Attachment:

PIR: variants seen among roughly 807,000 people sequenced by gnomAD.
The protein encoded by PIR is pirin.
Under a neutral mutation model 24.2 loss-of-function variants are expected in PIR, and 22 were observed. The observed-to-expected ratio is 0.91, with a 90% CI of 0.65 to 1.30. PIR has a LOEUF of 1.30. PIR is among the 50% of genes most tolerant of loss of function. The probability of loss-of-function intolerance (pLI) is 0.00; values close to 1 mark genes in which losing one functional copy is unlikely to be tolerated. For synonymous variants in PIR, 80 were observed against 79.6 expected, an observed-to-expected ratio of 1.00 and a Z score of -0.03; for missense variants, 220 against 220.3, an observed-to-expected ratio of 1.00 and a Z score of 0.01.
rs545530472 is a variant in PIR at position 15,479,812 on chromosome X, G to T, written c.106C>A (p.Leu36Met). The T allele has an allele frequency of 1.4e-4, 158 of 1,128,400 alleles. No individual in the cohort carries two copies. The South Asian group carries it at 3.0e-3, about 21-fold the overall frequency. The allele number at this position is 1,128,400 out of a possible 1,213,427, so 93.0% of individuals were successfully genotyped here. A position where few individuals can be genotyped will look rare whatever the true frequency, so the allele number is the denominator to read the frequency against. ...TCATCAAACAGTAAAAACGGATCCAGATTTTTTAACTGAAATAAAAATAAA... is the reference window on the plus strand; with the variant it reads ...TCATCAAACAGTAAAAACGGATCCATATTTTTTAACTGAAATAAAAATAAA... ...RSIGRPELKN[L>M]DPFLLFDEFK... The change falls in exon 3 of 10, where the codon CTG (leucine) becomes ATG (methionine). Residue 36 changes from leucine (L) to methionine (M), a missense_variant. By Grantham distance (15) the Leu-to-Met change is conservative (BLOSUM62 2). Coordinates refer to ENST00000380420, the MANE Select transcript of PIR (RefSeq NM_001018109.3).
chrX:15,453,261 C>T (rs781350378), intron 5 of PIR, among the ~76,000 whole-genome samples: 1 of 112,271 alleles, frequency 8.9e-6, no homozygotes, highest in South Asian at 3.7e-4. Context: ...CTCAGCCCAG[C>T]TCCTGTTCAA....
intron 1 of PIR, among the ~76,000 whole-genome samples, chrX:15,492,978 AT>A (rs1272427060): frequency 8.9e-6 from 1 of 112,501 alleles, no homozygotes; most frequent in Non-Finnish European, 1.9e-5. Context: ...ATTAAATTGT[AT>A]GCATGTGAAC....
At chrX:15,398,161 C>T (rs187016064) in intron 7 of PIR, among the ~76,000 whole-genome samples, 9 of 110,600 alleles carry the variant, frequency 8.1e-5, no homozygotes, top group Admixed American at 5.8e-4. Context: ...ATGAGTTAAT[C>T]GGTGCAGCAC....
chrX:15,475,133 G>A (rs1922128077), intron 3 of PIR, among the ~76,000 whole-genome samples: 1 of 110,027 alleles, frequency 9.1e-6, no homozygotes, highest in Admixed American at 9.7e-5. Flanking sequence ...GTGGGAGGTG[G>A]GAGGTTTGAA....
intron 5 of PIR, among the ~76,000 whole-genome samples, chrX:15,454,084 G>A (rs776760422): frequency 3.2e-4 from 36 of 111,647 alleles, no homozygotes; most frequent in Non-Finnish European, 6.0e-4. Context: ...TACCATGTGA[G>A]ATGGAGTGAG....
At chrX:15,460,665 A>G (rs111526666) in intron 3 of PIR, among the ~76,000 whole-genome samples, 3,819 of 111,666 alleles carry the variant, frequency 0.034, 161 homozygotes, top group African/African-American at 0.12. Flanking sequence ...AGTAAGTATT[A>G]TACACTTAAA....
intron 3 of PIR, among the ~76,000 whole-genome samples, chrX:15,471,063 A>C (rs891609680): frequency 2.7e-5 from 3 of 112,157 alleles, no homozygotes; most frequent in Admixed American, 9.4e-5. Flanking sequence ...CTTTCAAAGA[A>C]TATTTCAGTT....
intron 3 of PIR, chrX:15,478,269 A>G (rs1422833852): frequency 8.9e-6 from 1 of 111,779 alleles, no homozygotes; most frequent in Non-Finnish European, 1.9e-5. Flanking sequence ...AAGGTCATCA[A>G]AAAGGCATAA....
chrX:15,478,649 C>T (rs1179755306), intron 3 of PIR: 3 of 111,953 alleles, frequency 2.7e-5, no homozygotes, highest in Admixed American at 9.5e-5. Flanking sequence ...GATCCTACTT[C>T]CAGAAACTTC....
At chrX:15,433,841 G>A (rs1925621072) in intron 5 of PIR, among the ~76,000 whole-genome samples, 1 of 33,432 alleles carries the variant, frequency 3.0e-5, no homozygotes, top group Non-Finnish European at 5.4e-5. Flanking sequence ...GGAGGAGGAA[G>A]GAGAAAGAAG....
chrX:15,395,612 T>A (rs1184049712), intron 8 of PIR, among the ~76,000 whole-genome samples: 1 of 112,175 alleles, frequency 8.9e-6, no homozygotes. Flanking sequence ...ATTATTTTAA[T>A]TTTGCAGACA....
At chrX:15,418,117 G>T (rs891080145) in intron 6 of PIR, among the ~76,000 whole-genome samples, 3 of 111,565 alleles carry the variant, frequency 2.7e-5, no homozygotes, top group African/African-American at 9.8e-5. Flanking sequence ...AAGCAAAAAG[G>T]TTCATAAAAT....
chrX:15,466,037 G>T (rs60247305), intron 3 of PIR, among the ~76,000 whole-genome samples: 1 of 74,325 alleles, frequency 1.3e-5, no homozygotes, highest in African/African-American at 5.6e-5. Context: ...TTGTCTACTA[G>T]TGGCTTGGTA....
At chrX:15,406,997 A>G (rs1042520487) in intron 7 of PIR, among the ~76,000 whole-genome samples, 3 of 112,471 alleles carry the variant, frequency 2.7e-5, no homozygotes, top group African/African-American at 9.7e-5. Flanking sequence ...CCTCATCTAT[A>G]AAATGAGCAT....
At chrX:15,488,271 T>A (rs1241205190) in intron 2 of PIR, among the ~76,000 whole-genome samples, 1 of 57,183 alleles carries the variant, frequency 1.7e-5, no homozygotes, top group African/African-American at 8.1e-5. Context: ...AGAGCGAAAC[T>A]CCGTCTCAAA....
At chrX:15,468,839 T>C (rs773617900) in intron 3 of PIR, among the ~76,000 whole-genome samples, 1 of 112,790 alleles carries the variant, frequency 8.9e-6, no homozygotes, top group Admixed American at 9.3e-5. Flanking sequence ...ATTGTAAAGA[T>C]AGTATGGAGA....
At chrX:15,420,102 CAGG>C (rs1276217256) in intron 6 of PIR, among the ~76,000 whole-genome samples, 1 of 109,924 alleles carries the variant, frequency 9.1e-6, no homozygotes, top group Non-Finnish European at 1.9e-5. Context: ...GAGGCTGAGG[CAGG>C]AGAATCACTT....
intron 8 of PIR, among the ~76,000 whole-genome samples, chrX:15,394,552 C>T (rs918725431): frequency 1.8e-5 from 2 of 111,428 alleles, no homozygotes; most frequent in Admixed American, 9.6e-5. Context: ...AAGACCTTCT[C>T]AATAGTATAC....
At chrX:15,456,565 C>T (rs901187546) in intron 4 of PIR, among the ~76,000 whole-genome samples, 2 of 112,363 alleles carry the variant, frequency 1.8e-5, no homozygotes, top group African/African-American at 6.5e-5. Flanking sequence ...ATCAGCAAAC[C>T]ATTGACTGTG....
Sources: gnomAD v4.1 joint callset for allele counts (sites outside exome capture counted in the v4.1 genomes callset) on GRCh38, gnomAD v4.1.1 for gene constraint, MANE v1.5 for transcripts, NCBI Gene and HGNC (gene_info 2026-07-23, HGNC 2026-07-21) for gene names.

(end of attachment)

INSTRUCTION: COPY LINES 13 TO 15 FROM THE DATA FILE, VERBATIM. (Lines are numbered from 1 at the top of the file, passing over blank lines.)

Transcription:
chrX:15,478,649 C>T (rs1179755306), intron 3 of PIR: 3 of 111,953 alleles, frequency 2.7e-5, no homozygotes, highest in Admixed American at 9.5e-5. Flanking sequence ...GATCCTACTT[C>T]CAGAAACTTC....
At chrX:15,433,841 G>A (rs1925621072) in intron 5 of PIR, among the ~76,000 whole-genome samples, 1 of 33,432 alleles carries the variant, frequency 3.0e-5, no homozygotes, top group Non-Finnish European at 5.4e-5. Flanking sequence ...GGAGGAGGAA[G>A]GAGAAAGAAG....
chrX:15,395,612 T>A (rs1184049712), intron 8 of PIR, among the ~76,000 whole-genome samples: 1 of 112,175 alleles, frequency 8.9e-6, no homozygotes. Flanking sequence ...ATTATTTTAA[T>A]TTTGCAGACA....